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Inferno by Dante Alighieri

2940016346809_p0_v1_s260x420It’s been over twenty-five years since I last looked at Dante’s poetic work, Inferno. In order to revisit it, I turned to the “plain English” version and absolutely loved it, though missed, at times, the poesy of more authentic translations and the way they mimic the arduousness and emotional complexity of Dante’s journey through hell.

Laced with gruesome descriptions of tormented souls, lashings of politics and references to historical figures, Dante’s journey through the twenty-four circles of hell, guided by his mentor or “leader” as he most often refers to him, the poet, Virgil, is amazing. Sometimes funny, other times ironic and even playful as well as soulful and always passionate, the reader accompanies the living Dante and his dead companion, seeing what occurs in this imagined space and how those who offend God and the living pay for their sins once dead.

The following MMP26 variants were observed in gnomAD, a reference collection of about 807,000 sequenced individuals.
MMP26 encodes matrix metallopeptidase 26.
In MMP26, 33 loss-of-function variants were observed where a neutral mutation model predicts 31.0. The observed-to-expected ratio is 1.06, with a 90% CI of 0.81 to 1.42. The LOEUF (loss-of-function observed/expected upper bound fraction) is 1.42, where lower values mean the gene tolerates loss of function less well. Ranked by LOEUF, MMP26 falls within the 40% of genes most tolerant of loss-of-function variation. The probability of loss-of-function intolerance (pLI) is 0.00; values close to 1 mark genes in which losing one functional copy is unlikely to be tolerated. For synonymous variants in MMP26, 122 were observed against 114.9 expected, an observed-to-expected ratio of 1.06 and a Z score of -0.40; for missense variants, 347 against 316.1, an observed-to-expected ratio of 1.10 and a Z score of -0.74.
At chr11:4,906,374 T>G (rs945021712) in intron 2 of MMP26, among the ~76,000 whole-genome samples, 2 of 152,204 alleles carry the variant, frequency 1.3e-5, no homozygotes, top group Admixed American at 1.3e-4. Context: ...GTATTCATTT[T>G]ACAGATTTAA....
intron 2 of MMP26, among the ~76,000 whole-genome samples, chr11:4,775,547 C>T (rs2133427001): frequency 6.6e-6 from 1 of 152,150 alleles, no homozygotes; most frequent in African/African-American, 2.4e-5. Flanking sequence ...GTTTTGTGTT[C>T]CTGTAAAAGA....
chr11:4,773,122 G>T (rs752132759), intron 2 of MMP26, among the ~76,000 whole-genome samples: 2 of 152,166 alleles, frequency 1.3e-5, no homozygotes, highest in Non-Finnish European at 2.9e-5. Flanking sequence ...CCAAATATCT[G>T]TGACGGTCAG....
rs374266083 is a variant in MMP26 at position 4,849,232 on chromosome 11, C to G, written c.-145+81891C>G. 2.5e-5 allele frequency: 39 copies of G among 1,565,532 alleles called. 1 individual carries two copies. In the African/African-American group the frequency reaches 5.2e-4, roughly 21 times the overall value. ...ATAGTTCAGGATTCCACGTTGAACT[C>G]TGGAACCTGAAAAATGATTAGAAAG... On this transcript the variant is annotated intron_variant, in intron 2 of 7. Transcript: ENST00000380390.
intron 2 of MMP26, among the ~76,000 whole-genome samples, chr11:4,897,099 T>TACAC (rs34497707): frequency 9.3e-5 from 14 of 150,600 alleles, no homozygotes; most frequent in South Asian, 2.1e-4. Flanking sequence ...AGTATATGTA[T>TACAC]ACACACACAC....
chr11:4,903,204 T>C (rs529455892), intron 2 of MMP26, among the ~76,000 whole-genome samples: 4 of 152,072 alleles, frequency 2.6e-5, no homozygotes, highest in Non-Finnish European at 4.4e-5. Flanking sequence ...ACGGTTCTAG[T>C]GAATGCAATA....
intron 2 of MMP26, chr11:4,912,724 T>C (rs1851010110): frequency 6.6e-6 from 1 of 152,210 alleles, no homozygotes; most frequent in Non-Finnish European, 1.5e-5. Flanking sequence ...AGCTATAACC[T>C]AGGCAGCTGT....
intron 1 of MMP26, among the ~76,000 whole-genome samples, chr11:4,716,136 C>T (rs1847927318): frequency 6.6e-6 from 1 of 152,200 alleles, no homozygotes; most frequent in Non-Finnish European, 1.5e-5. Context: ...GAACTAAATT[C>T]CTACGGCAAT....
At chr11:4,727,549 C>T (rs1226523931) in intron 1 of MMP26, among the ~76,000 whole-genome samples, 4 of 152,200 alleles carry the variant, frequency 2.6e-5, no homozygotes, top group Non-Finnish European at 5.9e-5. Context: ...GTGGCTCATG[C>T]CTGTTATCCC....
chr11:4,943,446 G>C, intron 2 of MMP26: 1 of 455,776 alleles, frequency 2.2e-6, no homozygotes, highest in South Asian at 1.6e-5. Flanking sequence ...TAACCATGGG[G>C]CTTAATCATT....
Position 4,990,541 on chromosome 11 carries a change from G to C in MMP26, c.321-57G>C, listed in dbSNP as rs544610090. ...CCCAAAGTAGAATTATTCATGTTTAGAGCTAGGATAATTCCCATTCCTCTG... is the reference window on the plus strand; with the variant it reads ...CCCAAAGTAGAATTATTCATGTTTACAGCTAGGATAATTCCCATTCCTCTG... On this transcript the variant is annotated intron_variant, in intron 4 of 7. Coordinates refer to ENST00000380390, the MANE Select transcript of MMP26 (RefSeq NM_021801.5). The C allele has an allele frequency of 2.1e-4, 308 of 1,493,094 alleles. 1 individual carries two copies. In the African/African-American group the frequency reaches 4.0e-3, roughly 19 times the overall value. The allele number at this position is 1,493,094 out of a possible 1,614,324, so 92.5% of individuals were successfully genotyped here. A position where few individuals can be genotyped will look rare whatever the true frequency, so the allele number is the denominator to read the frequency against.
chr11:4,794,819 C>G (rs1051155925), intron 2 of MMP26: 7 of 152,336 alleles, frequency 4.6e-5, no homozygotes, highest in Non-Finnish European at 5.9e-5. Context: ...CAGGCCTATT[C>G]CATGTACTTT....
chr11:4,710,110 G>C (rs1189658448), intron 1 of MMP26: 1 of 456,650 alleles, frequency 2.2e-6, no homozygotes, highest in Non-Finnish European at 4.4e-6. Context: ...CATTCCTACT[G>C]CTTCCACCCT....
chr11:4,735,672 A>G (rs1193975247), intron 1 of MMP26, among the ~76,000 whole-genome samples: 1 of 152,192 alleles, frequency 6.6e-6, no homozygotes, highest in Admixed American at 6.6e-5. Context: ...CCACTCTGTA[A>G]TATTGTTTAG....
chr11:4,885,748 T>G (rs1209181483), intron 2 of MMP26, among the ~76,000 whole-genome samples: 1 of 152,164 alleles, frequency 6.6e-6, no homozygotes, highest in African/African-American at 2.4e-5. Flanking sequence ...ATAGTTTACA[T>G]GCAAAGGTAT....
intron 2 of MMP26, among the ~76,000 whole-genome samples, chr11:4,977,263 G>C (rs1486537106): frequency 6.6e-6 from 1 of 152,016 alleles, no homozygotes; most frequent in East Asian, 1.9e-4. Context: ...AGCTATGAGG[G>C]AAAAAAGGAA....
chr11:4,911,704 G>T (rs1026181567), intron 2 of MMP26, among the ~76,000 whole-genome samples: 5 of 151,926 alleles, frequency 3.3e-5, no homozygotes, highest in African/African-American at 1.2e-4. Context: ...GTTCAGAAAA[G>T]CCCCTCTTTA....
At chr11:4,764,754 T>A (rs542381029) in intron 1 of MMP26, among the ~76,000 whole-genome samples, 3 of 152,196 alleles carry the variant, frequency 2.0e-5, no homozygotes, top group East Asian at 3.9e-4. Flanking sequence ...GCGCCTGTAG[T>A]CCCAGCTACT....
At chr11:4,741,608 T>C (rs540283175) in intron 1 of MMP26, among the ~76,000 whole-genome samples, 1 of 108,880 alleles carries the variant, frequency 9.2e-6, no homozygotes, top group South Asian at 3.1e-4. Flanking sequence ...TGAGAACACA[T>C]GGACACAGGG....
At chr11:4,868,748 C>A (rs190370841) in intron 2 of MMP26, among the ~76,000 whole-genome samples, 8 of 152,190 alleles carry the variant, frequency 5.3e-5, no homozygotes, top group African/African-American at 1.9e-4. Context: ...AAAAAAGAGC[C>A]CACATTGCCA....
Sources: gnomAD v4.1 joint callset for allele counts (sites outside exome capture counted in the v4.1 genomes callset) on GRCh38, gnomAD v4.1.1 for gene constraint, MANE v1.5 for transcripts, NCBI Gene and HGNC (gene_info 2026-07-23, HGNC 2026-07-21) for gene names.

Have just commenced Purgatorio, but this time with a more accurate translation as well as the plain. Would be a bit concerned about recommending this for other readers (unless they have read say Clive James wonderful version or another and just want a quick reminder of the tale rather than losing themselves in the rich language) as too much is lost once the beautiful structure and thus Dante’s intention, is changed.

 

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